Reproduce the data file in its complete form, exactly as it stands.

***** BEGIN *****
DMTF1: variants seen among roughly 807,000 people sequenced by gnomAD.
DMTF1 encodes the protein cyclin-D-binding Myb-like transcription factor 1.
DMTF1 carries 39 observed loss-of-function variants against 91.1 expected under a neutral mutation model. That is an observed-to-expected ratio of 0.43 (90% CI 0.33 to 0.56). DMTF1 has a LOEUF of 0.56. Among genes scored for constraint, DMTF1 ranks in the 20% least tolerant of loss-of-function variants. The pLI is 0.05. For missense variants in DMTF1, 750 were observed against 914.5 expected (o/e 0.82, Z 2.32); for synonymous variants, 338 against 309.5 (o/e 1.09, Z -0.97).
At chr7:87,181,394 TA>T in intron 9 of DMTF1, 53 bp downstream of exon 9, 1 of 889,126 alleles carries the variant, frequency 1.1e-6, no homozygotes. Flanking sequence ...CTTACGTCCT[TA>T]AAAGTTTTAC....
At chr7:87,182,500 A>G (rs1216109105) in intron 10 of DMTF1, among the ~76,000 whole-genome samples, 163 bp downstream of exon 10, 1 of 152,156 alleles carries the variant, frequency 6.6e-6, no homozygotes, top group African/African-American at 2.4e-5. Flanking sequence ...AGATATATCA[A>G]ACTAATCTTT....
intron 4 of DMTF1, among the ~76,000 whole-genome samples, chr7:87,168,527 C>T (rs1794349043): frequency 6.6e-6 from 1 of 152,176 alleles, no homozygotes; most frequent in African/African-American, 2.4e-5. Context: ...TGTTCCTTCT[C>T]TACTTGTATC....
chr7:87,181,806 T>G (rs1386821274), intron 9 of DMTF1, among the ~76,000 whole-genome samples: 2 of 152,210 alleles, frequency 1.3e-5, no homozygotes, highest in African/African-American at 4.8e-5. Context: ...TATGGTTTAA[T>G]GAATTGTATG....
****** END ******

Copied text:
DMTF1: variants seen among roughly 807,000 people sequenced by gnomAD.
DMTF1 encodes the protein cyclin-D-binding Myb-like transcription factor 1.
DMTF1 carries 39 observed loss-of-function variants against 91.1 expected under a neutral mutation model. That is an observed-to-expected ratio of 0.43 (90% CI 0.33 to 0.56). DMTF1 has a LOEUF of 0.56. Among genes scored for constraint, DMTF1 ranks in the 20% least tolerant of loss-of-function variants. The pLI is 0.05. For missense variants in DMTF1, 750 were observed against 914.5 expected (o/e 0.82, Z 2.32); for synonymous variants, 338 against 309.5 (o/e 1.09, Z -0.97).
At chr7:87,181,394 TA>T in intron 9 of DMTF1, 53 bp downstream of exon 9, 1 of 889,126 alleles carries the variant, frequency 1.1e-6, no homozygotes. Flanking sequence ...CTTACGTCCT[TA>T]AAAGTTTTAC....
At chr7:87,182,500 A>G (rs1216109105) in intron 10 of DMTF1, among the ~76,000 whole-genome samples, 163 bp downstream of exon 10, 1 of 152,156 alleles carries the variant, frequency 6.6e-6, no homozygotes, top group African/African-American at 2.4e-5. Flanking sequence ...AGATATATCA[A>G]ACTAATCTTT....
intron 4 of DMTF1, among the ~76,000 whole-genome samples, chr7:87,168,527 C>T (rs1794349043): frequency 6.6e-6 from 1 of 152,176 alleles, no homozygotes; most frequent in African/African-American, 2.4e-5. Context: ...TGTTCCTTCT[C>T]TACTTGTATC....
chr7:87,181,806 T>G (rs1386821274), intron 9 of DMTF1, among the ~76,000 whole-genome samples: 2 of 152,210 alleles, frequency 1.3e-5, no homozygotes, highest in African/African-American at 4.8e-5. Context: ...TATGGTTTAA[T>G]GAATTGTATG....